The Line Hotel
Another new design-driven property I was excited to check out was The Line Hotel. It’s located in Koreatown, a neighborhood I love for its vibrant pulse and amazing food, and the hotel proved a stylish home base from which to explore. The expansive lobby—which was buzzing when I arrived—was designed as a 24-hour hub equipped with a café and bar, cool architectural seating, and the fun Korean restaurant Pot by LA son Roy Choi.
I asked numerous folks around town what this 388-room property was prior and they all said “some shady place.” It turns out the Mid-Century building was designed by Daniel Mann Johnson and Mendenhall in 1964 and over the years became a neglected hotel. It’s been completely redone by Knibb Design with a buoyant, hip style that uses low-end and discarded objects such as bleach bottles and T-shirts (trust me; it works). The exposed-concrete guest rooms are well designed with architectural fixtures, artwork, and a breezy California cool aesthetic. East-facing rooms flaunt wall-sized windows with a stunning view of the Hollywood Hills, including the famous sign and the 1935 Griffith Observatory.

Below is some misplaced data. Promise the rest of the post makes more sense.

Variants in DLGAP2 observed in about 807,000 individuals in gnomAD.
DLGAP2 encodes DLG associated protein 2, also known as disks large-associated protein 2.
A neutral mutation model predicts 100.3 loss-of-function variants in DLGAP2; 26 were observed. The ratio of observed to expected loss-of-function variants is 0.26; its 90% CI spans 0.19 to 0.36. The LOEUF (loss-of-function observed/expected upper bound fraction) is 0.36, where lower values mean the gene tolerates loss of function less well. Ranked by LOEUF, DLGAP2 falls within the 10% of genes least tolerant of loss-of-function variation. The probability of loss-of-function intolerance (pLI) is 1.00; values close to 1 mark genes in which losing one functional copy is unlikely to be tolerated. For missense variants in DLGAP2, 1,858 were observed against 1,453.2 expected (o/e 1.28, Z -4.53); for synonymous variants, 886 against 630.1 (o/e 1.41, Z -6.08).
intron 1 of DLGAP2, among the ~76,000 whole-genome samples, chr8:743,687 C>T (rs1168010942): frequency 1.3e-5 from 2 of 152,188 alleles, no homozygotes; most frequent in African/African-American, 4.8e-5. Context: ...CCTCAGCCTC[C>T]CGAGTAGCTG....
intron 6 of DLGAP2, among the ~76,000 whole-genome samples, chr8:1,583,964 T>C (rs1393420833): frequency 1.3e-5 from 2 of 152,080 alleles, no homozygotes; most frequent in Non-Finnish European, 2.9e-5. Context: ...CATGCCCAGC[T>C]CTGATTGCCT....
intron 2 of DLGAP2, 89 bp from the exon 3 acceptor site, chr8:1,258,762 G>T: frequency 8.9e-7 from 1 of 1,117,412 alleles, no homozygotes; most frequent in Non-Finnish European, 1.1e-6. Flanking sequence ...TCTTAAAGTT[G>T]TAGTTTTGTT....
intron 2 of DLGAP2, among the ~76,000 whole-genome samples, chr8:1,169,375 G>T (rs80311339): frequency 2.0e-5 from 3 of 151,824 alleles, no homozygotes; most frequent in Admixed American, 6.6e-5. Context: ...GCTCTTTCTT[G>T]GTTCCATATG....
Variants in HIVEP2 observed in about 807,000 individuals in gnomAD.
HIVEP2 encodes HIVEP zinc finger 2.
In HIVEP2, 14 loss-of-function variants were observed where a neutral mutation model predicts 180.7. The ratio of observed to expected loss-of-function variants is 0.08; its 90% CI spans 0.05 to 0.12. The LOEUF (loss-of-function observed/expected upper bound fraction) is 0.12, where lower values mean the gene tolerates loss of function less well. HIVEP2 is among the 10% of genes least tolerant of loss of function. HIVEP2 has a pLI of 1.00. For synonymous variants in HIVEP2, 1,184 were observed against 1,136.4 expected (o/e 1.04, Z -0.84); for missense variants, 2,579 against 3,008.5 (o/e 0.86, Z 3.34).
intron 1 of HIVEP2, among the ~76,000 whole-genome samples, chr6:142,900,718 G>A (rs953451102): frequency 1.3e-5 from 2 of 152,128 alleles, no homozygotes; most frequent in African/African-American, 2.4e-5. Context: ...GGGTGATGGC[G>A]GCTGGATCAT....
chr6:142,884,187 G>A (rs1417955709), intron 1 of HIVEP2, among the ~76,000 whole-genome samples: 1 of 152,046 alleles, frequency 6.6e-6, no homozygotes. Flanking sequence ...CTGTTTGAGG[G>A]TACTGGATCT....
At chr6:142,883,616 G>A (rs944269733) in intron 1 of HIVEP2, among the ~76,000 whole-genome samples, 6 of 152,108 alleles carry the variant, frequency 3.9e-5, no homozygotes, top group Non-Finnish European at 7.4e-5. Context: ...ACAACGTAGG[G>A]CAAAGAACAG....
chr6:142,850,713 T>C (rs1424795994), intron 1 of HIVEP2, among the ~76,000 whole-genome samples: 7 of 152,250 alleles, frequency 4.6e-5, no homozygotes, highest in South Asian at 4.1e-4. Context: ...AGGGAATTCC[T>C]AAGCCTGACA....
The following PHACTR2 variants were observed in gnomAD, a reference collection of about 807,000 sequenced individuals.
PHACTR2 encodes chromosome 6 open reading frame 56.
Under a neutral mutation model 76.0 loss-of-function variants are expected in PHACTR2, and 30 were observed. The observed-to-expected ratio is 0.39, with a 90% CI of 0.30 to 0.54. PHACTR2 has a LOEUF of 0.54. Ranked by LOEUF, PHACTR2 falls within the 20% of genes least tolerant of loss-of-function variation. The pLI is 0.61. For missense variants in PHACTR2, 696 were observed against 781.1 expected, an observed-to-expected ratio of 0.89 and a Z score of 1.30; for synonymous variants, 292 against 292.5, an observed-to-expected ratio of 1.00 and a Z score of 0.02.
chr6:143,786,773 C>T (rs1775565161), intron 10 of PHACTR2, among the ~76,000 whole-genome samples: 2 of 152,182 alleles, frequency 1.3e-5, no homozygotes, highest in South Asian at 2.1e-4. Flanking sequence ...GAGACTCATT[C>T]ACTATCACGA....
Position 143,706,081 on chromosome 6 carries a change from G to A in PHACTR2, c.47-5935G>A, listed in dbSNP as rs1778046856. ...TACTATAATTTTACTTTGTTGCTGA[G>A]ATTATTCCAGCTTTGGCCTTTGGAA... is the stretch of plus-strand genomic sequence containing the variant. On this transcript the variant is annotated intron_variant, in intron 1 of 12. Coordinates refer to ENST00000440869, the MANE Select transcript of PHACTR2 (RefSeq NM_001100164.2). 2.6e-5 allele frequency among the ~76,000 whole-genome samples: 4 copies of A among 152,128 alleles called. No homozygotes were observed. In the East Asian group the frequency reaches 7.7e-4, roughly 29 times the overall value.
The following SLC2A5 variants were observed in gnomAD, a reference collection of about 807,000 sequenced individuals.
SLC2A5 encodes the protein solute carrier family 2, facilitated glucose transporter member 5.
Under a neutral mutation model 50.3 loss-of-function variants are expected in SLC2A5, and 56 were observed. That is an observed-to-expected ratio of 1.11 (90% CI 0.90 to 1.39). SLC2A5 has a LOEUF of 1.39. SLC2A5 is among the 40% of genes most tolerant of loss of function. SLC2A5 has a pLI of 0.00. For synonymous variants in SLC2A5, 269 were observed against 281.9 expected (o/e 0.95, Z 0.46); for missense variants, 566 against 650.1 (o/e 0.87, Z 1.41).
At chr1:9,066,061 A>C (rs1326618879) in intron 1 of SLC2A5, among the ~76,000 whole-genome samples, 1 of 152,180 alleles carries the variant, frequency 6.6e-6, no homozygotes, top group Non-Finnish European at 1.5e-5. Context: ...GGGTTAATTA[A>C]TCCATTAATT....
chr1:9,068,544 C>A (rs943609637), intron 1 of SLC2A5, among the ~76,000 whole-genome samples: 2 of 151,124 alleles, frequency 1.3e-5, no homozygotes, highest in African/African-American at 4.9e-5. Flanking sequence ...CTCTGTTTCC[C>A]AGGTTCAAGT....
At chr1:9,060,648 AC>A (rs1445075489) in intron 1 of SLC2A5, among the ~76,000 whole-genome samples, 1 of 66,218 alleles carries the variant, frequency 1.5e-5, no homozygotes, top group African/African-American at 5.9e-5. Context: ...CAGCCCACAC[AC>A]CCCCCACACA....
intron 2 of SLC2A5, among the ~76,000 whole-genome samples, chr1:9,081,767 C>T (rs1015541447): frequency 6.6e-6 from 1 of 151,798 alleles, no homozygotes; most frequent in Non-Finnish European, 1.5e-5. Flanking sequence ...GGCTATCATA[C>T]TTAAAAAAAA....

Inside the Line’s lobby is Poketo. an über-stylish boutique that serves as the hotel’s de facto gift shop. The petite shop is a satellite location of the flagship store downtown and is curated with smartly designed objects and home décor.
Architecture and Design Museum
Farther down Wilshire Boulevard along what’s dubbed the Miracle Mile are some of LA’s best museums and cultural institutions. I popped into the Architecture and Design Museum to check out a show that featured the architecture and culture of Southern California’s iconic bowling alleys. Like the grand movie palaces before them, these Mid-Century entertainment complexes were escapist’s fantasies with wonderfully exaggerated design such as space-age motifs and neon signage. It made me nostalgic for the suburban lanes where I bowled as a kid. But even more so, it made me look forward to LA’s forthcoming Museum of Neon Art.